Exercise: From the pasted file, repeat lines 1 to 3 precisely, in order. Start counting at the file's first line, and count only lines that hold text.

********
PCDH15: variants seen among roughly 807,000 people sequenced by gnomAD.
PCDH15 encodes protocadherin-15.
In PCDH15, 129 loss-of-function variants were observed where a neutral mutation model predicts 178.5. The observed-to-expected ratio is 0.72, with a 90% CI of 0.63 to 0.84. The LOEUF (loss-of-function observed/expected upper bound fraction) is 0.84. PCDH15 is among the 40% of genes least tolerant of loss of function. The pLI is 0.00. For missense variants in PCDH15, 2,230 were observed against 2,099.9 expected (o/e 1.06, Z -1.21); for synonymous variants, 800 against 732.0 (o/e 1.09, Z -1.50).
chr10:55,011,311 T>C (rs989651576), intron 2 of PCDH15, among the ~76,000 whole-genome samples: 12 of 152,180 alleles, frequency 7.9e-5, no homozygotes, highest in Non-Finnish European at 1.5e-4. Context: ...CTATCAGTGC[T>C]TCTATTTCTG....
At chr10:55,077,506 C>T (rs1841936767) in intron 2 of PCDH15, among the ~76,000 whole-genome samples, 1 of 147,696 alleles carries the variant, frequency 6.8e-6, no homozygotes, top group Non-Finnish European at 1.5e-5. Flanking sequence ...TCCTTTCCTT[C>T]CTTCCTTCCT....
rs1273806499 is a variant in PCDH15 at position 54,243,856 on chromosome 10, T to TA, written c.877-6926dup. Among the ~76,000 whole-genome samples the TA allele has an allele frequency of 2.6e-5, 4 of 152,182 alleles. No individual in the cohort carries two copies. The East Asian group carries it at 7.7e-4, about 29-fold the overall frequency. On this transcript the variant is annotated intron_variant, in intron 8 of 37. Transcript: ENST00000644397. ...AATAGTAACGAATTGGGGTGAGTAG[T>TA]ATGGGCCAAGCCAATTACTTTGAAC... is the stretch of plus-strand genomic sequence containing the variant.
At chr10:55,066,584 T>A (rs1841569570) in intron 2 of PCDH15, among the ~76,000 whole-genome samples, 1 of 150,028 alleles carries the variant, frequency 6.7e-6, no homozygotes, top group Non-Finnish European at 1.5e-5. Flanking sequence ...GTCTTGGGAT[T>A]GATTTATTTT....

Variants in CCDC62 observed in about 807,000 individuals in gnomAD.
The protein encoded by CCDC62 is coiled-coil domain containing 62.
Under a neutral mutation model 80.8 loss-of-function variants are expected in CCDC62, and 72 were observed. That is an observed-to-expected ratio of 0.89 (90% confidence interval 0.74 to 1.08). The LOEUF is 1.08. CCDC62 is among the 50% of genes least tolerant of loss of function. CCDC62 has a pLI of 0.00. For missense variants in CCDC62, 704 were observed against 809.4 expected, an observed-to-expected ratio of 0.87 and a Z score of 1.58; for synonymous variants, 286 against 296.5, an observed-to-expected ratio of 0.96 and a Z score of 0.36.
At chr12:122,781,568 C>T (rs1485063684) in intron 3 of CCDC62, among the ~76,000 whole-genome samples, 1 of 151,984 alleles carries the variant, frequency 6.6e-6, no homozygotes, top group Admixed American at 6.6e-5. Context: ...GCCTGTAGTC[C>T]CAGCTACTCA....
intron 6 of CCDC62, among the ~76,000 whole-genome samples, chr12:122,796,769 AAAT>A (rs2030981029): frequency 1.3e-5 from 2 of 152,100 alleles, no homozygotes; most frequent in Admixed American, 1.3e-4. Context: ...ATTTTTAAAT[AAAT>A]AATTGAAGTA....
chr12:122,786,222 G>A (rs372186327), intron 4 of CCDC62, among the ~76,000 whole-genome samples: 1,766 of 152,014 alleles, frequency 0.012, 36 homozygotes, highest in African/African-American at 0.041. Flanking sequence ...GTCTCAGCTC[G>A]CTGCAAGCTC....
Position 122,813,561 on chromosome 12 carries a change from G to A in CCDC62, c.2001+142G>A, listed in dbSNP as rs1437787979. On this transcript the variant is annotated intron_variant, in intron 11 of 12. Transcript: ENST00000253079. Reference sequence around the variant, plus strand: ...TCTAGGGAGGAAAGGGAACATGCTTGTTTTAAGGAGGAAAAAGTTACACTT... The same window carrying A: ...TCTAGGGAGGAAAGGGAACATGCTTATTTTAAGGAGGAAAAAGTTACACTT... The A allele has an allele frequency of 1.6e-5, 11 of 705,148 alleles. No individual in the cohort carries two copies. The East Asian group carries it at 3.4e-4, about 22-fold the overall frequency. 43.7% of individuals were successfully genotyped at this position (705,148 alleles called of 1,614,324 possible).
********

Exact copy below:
PCDH15: variants seen among roughly 807,000 people sequenced by gnomAD.
PCDH15 encodes protocadherin-15.
In PCDH15, 129 loss-of-function variants were observed where a neutral mutation model predicts 178.5. The observed-to-expected ratio is 0.72, with a 90% CI of 0.63 to 0.84. The LOEUF (loss-of-function observed/expected upper bound fraction) is 0.84. PCDH15 is among the 40% of genes least tolerant of loss of function. The pLI is 0.00. For missense variants in PCDH15, 2,230 were observed against 2,099.9 expected (o/e 1.06, Z -1.21); for synonymous variants, 800 against 732.0 (o/e 1.09, Z -1.50).